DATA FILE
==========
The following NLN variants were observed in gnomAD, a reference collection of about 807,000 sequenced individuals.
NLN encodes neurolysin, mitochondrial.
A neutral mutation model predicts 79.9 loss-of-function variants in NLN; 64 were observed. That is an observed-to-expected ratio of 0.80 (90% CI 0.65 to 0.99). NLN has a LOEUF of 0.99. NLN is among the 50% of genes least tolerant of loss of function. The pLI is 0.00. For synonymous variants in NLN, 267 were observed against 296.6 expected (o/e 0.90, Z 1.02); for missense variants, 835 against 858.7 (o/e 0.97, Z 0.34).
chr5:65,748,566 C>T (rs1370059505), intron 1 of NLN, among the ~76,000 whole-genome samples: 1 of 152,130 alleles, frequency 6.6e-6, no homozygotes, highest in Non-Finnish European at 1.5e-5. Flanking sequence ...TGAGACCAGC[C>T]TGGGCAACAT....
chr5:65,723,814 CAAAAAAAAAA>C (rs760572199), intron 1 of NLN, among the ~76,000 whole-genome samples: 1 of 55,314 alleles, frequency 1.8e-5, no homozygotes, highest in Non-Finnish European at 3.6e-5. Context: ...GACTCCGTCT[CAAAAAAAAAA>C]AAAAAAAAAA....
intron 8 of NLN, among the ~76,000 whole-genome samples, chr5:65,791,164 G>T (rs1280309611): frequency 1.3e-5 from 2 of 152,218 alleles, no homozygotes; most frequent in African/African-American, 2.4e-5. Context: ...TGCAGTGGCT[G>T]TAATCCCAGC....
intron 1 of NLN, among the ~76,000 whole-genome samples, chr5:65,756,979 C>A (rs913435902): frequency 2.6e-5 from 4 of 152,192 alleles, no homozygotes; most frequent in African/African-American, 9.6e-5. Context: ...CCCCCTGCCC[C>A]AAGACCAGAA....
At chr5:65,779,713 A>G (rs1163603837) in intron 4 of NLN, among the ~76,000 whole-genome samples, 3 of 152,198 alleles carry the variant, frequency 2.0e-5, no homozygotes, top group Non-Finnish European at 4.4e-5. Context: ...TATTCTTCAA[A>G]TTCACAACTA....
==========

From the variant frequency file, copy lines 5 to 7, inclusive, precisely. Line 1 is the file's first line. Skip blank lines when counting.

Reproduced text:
chr5:65,723,814 CAAAAAAAAAA>C (rs760572199), intron 1 of NLN, among the ~76,000 whole-genome samples: 1 of 55,314 alleles, frequency 1.8e-5, no homozygotes, highest in Non-Finnish European at 3.6e-5. Context: ...GACTCCGTCT[CAAAAAAAAAA>C]AAAAAAAAAA....
intron 8 of NLN, among the ~76,000 whole-genome samples, chr5:65,791,164 G>T (rs1280309611): frequency 1.3e-5 from 2 of 152,218 alleles, no homozygotes; most frequent in African/African-American, 2.4e-5. Context: ...TGCAGTGGCT[G>T]TAATCCCAGC....
intron 1 of NLN, among the ~76,000 whole-genome samples, chr5:65,756,979 C>A (rs913435902): frequency 2.6e-5 from 4 of 152,192 alleles, no homozygotes; most frequent in African/African-American, 9.6e-5. Context: ...CCCCCTGCCC[C>A]AAGACCAGAA....